The ENOG 11/RIPE NCC Regional Meeting took place from 7-8 June 2016 at the Moscow Marriott Grand Hotel in Moscow, Russia. A total of 550 attendees from 13 countries participated in the meeting, 518 of whom were from Russia.
The meeting was hosted by the RIPE NCC and MSK-IX and sponsored by Technical Centre of Internet, Netnod, and NL-ix.
The meeting was opened by Andrei Voarbiov, CEO of ccTLD for .ru, who noted how far ENOG had come since it had started. He said his organisation was IPv6-enabled and this was where a lot of their overlap with RIPE came from. He noted that at the last Internet sovereignty conference, a document had been developed with proposals that would be passed to the government that highlighted the importance of the IPv6 for the Internet of Things.
Welcoming attendees on behalf of MSK-IX, Alexsey Platonov, CEO of TCI, announced a couple of projects his organisation was undertaking: a new magazine on critical Internet infrastructure that was edited by Andrei Robachevsky, and a new platform that would allow researchers to study the Internet environment. He said the Russian Internet was under-studied (despite initiatives like RIPE Atlas) which was why they were launching the initiative.
There was also a brief welcome from Andrei Tumanov of the Russian Federation Parliament, who spoke about the government’s role in enforcing rules online.
In the opening plenary, Stefan Meinders presented some Internet trends, noting that the number of ASNs delivering the majority of Internet traffic was decreasing over the years – thousands of ASNs made up 50% of the traffic in 2007, by 2009 150 ASNs made up 50% of traffic, and by 2016 just 10 ASNs made up 70% of traffic.
There was a panel on Internet measurements featuring Luca Sani, Alexander Asimov, Alexander Isavnin, Christian Teuschel and Stefan Meinders. The participants explained what they were measuring and discussed the possibility of collaboration to correlate their findings. Addressing the question of why they were measuring the Internet, the answers ranged from making ISPs more efficient to the available data not being representative of the ecosystem. Christian explained that in the RIPE NCC’s case they had a mandate from the community to run the RIPE Atlas network and while it was of immediate use to ISPs, as their measurements developed, the list of people interested would likely include regulators and other government stakeholders.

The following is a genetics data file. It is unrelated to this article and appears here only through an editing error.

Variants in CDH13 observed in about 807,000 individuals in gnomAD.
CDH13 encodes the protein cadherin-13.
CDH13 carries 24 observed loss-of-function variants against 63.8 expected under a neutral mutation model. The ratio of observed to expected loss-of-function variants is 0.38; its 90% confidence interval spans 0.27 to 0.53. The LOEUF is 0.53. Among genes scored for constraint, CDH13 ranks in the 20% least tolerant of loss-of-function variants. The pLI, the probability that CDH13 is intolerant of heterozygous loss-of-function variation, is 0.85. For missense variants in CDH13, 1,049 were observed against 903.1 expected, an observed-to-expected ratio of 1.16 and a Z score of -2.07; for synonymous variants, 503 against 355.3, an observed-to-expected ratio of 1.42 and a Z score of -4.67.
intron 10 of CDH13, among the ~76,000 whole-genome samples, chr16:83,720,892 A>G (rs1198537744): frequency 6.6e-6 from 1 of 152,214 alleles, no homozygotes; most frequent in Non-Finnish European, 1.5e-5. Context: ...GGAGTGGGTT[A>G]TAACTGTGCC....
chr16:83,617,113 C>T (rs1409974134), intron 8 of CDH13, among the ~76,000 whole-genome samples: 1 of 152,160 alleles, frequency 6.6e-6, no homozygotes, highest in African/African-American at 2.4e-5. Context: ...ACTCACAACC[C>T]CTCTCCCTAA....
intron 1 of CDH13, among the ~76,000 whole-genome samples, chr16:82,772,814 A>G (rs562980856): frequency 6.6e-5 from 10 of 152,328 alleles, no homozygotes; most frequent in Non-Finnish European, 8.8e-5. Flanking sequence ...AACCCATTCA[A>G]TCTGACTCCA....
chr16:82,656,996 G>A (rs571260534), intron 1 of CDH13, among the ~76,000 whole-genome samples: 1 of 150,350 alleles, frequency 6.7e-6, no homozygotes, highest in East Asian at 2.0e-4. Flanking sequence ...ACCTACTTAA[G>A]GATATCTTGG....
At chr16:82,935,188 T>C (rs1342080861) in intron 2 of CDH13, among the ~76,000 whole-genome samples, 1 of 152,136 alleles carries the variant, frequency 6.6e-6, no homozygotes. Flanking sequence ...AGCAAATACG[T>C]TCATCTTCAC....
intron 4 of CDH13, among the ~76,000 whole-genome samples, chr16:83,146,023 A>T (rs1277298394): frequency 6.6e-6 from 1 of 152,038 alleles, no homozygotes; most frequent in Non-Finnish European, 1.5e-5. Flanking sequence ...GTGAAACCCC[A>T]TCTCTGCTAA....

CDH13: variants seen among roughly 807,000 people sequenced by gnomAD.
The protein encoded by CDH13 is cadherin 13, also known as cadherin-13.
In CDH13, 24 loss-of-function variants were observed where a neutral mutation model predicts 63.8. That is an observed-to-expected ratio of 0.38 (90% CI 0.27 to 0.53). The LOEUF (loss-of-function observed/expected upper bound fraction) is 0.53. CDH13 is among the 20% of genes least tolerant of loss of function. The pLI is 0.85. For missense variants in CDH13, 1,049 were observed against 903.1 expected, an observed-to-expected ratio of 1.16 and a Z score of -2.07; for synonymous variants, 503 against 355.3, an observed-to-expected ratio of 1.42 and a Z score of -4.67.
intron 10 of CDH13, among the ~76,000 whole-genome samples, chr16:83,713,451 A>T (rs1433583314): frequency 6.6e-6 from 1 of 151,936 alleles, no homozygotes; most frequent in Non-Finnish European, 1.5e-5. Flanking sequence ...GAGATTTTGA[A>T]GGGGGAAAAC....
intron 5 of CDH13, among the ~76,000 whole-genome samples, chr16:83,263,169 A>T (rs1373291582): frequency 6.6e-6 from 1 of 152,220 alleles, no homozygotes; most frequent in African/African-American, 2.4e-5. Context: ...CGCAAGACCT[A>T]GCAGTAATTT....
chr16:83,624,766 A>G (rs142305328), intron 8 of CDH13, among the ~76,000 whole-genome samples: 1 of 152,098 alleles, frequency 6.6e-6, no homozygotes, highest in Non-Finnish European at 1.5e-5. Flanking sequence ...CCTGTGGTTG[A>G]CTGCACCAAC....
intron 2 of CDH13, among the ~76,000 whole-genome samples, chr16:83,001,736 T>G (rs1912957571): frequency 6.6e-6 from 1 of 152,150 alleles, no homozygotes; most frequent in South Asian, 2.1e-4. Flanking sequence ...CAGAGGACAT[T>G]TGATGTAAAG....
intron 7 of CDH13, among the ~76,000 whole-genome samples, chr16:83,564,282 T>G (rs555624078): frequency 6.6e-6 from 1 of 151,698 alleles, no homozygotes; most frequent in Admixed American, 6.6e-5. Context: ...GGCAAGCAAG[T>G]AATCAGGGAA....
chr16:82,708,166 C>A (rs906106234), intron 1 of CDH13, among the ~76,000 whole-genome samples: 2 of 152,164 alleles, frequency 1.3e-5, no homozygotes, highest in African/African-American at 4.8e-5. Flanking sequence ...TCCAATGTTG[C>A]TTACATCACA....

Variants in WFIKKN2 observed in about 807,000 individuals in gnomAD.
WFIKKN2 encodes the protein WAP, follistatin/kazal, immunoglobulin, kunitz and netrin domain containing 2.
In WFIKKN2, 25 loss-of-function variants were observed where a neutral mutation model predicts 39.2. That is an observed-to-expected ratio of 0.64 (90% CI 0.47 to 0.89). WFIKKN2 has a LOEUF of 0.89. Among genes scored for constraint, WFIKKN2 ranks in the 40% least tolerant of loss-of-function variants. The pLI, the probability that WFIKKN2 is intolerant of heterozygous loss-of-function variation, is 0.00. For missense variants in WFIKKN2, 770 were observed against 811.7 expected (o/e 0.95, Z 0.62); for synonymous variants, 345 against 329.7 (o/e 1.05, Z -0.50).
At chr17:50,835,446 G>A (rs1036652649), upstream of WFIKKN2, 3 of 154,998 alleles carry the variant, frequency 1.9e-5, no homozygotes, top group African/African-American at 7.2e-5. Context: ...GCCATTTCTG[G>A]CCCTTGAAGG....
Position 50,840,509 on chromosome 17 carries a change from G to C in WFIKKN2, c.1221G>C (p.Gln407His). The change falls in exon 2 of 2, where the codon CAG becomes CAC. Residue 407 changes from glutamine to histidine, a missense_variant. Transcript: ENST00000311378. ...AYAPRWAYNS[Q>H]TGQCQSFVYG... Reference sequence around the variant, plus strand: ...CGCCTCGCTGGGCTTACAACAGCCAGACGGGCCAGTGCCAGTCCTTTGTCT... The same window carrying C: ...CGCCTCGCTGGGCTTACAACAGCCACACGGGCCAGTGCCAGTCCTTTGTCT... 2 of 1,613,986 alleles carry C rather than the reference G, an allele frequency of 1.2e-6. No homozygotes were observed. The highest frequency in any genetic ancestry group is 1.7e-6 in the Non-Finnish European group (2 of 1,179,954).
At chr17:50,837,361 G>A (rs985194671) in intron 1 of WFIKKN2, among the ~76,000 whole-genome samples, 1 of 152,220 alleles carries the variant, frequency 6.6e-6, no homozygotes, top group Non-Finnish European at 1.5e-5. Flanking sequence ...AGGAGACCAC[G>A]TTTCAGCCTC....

The second day contained a packed agenda with a range of presentations – topics included an overview of some legal cases affecting networks in Russia, an update on IPv4 transfers in the region, new gTLDs and the stability of the root system, and an examination of the top misused ASNs.
In the afternoon, Louis Pouzin presented on his work in the early days of the Internet on the French Cyclades network and went on to talk about the Open DNS project as a future path for the Internet going forward.
There were a number of IXP presentations at the meeting. Egor Drobyshev gave an update from SEA-IX, Thomas King presented on IXP peering services as a commodity, Konstantin Chumachenko gave his view on the future of IXPs and Timothy Dentin offered some advice on how to grow an IXP.
Axel Pawlik gave an update from the RIPE NCC, explaining (among other things) their efforts to connect with members on a more regional level and also to understand the changing nature of their membership. Andrea Cima also provided an update on the latest policy developments in the RIPE NCC service region.
The meeting presentations were given in English and Russian. On-site translation facilities were provided to attendees. The presentations are available in the archive and session videos in both English and Russian are available on the ENOG YouTube Channel.
The RIPE NCC also requested feedback from attendees on how it could improve further meetings. Feedback could also be given through an online survey.
The ENOG 12/RIPE NCC Regional Meeting will take place in Yerevan, Armenia from 3-4 October 2016.